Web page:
These results clearly demonstrate spectral phase pulse shaping with functionality that is independent of input polarization.
We also investigated the polarization-dependent loss of our pulse shaping results. Here we note that the intensity cross correlator is itself polarization sensitive due to the tensor properties of the LiIO3 nonlinear crystal. This measurement issue was addressed by using a fiber polarization controller at the input to the correlator in order to maximize the peak second harmonic signal for each setting of input polarization to the shaper. As evident from the data, output pulses generated from different input polarizations have very similar intensities. To compare the intensities quantitatively, we numerically integrate each of the cross-correlations to find the total power and calculate PDL from the two extreme values according to:
For the dispersion compensation experiment, the PDL is 0.44dB; for the experiment corresponding to Fig. 5, the PDL is 0.5 dB. These PDLs are fully consistent with the residual PDL of the grating and are much lower than numbers that have previously been reported for polarization pulse shaping [11,13]. Furthermore, our results provide evidence that the state of polarization remains independent of frequency throughout the pulse shaping process; otherwise the polarization selective nature of the SHG process would lead to strong, input-polarization-dependent variations in the cross-correlation intensities, which are not observed.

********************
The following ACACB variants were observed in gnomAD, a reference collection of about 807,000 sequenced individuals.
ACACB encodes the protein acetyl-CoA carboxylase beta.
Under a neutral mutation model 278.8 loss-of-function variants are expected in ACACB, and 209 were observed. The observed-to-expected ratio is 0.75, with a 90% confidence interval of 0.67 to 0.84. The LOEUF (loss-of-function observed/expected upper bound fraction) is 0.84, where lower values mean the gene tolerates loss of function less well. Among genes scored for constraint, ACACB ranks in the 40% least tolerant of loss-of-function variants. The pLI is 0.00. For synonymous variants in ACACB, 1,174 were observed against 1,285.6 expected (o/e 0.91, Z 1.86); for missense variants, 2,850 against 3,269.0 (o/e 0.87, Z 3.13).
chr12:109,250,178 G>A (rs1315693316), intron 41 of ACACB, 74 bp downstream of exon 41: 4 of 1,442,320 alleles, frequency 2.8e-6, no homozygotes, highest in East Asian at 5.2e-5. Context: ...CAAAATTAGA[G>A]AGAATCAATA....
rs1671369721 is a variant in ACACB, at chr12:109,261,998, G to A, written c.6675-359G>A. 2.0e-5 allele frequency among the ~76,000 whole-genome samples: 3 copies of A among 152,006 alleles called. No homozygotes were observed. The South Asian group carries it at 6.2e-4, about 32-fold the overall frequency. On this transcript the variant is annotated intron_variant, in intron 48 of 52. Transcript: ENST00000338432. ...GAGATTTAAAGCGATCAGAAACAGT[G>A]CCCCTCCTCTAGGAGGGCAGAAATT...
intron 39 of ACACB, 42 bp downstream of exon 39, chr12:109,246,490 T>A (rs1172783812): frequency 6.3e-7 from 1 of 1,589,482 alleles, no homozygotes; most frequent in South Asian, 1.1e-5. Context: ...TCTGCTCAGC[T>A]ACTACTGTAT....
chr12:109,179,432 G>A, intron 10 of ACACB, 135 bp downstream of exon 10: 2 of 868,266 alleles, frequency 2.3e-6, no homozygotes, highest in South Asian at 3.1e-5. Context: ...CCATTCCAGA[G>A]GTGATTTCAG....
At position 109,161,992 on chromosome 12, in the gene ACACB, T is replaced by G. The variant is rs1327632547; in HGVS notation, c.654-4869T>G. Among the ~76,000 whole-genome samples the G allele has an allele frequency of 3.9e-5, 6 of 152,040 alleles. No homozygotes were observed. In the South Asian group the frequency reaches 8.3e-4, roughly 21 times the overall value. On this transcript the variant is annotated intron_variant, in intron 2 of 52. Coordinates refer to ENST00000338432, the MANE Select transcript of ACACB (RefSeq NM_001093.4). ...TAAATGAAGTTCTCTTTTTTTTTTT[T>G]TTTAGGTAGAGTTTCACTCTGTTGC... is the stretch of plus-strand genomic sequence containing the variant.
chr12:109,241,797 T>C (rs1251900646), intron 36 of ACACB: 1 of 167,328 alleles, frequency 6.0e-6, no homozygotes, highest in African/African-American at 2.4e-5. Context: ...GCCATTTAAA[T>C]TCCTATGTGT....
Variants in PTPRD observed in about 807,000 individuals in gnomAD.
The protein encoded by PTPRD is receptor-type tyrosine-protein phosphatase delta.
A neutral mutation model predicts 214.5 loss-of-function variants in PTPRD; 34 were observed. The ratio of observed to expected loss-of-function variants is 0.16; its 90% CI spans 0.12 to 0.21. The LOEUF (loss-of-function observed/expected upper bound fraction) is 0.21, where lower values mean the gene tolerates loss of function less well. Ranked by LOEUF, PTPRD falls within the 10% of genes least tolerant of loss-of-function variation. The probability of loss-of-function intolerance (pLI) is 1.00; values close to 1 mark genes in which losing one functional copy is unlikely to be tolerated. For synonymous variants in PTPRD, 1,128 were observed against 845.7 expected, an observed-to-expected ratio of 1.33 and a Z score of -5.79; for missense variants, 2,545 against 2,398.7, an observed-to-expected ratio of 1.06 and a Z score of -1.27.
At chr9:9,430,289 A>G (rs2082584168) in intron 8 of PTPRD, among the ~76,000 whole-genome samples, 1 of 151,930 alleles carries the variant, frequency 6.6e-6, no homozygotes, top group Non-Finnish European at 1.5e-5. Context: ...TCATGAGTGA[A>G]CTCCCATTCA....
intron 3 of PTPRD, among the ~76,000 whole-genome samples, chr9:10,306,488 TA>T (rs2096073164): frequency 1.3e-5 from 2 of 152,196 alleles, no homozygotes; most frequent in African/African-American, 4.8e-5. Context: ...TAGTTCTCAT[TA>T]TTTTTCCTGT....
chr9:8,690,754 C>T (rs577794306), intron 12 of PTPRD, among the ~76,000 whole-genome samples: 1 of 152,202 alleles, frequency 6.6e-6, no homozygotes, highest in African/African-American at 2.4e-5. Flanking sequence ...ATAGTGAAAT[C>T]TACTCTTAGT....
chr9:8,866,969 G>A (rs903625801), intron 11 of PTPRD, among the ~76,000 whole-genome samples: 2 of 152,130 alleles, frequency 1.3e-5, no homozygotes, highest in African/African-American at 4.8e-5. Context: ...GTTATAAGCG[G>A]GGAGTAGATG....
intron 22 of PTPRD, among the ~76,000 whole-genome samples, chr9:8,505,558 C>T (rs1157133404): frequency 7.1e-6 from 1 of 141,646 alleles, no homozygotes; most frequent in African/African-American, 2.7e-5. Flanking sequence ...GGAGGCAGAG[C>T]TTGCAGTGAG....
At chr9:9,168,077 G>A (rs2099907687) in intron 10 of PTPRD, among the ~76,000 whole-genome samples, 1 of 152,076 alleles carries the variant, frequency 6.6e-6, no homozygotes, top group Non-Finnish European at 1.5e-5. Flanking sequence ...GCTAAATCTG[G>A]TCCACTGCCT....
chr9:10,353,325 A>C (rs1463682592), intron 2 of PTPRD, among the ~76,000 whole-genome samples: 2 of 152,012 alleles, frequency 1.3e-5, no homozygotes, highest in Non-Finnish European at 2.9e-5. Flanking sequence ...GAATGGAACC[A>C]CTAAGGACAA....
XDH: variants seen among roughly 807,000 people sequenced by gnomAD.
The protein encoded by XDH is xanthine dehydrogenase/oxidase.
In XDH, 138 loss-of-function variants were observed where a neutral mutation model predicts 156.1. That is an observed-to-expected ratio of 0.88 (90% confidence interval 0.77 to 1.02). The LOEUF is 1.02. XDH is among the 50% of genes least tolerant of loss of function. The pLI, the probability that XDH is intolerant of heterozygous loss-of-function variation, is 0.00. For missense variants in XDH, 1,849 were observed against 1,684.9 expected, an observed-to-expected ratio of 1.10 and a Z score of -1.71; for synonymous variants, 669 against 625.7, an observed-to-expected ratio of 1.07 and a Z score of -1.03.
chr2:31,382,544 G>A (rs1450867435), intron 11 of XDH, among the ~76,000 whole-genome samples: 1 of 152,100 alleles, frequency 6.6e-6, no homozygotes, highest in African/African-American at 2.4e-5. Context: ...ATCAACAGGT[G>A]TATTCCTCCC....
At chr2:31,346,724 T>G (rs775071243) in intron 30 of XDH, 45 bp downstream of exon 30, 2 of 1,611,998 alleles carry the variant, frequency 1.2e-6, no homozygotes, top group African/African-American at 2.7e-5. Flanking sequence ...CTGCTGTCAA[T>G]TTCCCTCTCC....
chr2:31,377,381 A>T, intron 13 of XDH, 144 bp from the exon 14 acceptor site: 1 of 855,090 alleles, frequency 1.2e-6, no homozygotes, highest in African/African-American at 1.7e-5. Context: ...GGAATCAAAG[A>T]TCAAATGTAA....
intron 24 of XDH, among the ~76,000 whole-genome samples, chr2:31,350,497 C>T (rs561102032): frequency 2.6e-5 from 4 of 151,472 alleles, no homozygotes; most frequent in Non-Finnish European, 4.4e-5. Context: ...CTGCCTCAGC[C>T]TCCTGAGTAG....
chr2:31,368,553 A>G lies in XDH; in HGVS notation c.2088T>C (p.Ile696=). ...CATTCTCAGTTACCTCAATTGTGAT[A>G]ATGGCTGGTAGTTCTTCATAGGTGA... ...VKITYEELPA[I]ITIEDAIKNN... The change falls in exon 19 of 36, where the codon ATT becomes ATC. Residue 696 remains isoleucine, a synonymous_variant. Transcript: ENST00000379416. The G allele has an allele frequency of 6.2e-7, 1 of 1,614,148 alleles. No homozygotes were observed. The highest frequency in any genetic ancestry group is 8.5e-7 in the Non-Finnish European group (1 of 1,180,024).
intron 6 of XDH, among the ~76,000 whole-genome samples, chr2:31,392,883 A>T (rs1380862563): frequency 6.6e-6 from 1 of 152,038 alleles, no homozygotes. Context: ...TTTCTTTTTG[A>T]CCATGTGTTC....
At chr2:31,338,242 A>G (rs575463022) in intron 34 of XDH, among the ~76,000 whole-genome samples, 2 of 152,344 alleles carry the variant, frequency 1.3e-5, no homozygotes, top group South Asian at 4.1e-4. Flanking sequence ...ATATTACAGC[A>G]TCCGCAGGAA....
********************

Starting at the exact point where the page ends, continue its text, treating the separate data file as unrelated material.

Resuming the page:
In summary, our results clearly demonstrate polarization-independent spectral phase pulse shaping, with low loss and low PDL. This work should facilitate practical applications in fiber optics, where polarization insensitivity is an important requirement.
This work was funded in part by the National Science Foundation under grant 1040682-ECS and by the Cisco University Research Program.
References and Links